Role of Protein Kinase D2 (PKD2) in Lymphangiogenesis
Introduction: Protein kinase D2 is a calcium/calmodulin kinase reported to play a critical role in motility, migration and invasion of cancer cells. We previously reported PKD2 to be highly expressed and activated by hypoxia in epithelial tumors including pancreatic, colorectal and gastric cancers, identifying this kinase as a new component of hypoxia signaling. Depletion of PKD2 in tumor cells prevented tumor angiogenesis and subsequent tumor cell proliferation in vivo. In endothelial cells PKDs are activated upon VEGF stimulation by involving tyrosine phosphorylation sites on the VEGF receptor 2 (VEGFR2). Since activation of VEGFR2 has been implicated both in blood and lymph vessels formation, we reasoned PKD2 to play a significant role in tumor lymphangiogenesis as well.
Aim: The aim of this study was to investigate the implication of PKD2 in the formation of lymph vessel during tumorigenesis.
Results: Vascular endothelial growth factor D (VEGF-D) is a secreted glycoprotein shown to regulate angiogenesis and lymphangiogenesis during development and tumor growth. Cultivation of two independent lung cancer cell lines in hypoxic environment revealed that high levels of the O2 sensor protein HIF1a are associated with enhanced VEGF-D expression and augmented VEGF-D promoter activity. Furthermore, RNAi-mediated depletion of PKD2 resulted in impaired hypoxia-induced VEGF-D expression and transcriptional activity.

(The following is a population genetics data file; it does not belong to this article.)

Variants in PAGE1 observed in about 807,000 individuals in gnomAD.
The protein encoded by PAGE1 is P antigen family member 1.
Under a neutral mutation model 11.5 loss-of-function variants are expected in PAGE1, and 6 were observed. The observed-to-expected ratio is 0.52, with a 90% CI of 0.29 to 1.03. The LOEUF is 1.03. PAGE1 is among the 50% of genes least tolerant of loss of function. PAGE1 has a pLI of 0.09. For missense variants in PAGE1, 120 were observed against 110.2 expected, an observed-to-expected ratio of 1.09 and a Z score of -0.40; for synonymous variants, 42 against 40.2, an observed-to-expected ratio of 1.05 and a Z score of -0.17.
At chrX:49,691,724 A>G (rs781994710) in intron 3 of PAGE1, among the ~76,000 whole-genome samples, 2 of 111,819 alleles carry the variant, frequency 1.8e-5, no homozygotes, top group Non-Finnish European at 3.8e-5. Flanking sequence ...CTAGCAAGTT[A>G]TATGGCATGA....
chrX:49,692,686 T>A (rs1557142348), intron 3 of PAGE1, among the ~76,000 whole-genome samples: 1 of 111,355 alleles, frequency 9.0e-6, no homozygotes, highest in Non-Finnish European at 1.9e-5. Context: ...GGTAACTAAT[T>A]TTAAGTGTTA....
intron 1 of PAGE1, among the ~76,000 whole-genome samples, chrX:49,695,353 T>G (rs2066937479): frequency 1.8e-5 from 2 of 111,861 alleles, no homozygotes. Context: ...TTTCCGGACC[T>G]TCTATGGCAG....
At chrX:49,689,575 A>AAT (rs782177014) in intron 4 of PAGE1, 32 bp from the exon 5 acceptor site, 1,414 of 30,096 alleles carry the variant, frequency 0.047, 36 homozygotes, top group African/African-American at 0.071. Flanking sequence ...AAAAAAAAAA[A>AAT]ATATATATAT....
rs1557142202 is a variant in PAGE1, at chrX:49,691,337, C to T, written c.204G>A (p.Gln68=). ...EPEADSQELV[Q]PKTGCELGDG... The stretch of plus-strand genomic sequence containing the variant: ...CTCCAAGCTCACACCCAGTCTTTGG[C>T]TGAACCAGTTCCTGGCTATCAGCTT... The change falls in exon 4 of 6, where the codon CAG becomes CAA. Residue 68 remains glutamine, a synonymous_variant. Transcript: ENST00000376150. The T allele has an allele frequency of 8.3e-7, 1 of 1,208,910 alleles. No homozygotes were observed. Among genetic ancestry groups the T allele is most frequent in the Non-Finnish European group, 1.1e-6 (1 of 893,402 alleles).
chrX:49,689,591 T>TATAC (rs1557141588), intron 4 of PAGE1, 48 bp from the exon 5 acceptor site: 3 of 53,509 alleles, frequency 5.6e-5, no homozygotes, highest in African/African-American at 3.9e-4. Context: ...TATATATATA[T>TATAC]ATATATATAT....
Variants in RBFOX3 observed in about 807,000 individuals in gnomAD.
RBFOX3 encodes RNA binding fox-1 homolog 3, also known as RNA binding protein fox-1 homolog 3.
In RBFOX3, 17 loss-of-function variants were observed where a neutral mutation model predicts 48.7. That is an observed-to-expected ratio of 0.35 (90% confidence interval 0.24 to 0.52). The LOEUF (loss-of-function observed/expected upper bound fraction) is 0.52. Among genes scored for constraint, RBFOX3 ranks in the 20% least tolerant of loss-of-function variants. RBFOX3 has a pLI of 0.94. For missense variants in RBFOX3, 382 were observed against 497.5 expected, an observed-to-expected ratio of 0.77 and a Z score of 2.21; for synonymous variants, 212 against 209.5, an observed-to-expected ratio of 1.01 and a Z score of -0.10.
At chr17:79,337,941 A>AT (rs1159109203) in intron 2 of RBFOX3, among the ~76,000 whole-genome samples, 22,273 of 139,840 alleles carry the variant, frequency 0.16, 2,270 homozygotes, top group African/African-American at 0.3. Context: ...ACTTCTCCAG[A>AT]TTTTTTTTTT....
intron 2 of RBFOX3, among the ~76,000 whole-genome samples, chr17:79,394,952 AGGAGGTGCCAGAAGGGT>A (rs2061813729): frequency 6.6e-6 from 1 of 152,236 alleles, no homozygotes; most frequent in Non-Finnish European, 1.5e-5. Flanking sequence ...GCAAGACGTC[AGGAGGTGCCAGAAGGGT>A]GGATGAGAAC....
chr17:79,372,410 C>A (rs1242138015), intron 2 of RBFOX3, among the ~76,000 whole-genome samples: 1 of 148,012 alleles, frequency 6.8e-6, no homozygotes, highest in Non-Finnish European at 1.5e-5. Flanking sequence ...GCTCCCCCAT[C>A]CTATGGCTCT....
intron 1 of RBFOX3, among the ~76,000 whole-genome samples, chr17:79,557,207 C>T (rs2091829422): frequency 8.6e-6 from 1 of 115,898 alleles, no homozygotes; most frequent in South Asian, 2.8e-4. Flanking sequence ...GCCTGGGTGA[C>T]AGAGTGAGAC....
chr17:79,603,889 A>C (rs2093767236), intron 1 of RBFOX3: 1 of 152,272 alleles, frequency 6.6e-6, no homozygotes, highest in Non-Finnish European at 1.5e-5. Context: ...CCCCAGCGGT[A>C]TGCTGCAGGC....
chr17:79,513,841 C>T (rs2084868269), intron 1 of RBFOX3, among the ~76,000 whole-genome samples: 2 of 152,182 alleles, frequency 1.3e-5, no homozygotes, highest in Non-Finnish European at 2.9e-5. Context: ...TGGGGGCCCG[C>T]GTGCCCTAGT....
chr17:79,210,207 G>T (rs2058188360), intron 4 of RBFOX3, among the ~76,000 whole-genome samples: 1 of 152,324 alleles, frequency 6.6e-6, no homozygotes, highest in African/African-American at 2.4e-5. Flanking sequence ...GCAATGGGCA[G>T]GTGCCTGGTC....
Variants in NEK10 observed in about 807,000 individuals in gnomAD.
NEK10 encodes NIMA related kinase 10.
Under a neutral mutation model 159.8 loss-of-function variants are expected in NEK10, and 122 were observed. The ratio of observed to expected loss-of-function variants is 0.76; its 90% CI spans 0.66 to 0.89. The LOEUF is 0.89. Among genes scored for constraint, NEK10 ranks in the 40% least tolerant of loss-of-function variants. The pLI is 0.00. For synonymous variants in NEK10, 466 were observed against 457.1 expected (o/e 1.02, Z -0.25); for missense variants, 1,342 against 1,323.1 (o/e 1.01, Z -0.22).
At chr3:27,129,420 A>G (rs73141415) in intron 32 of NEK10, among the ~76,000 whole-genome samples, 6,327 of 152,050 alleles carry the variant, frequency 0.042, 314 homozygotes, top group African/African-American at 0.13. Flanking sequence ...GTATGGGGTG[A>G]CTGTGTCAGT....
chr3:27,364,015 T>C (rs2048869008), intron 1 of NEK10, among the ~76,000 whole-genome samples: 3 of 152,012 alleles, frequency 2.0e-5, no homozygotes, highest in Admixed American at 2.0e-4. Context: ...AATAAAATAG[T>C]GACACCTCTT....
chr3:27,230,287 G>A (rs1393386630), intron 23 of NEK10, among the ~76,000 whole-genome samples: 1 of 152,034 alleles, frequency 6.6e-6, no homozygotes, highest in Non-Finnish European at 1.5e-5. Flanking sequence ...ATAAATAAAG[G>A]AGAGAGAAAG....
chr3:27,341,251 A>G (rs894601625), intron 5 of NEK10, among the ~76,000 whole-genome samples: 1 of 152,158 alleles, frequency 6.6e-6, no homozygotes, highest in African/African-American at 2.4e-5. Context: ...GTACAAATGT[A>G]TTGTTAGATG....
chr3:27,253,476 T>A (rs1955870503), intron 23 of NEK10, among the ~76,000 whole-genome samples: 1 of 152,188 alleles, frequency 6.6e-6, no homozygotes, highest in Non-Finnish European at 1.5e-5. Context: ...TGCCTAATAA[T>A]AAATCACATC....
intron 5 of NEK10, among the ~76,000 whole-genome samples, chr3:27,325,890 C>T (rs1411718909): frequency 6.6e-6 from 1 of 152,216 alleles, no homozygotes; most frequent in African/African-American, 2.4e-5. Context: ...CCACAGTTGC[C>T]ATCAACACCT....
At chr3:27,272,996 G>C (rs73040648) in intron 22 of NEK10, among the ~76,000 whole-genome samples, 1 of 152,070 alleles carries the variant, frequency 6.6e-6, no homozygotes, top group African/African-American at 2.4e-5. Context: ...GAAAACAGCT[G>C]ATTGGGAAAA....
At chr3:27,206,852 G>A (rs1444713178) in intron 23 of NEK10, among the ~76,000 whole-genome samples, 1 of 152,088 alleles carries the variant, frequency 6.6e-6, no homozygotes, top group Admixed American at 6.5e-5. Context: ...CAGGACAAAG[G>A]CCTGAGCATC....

Our in vivo tumor xenograft experiments conducted on chicken chorionallantoic membrane (CAM) reinforced the role of PKD2 in growth of cancer cells as demonstrated by a significant decrease in the number of Ki-67 positive lung tumor cells after siRNA-mediated ablation of the kinase. The examination of peritumoral lymph vessel formation revealed that decrease in tumor size upon PKD2 abrogation was associated with a marked reduction of the expression of lymphatic endothelium marker Prospero homeobox protein 1 (Prox1), previously reported to be a transcription factor to regulate proliferation, migration and invasion of cancer cells.
Conclusion: Collectively our findings suggest an important role of PKD2 as a critical regulator of tumor growth and tumor angiogenesis and could provide a useful target for regulation of pathological lymph vessel formation.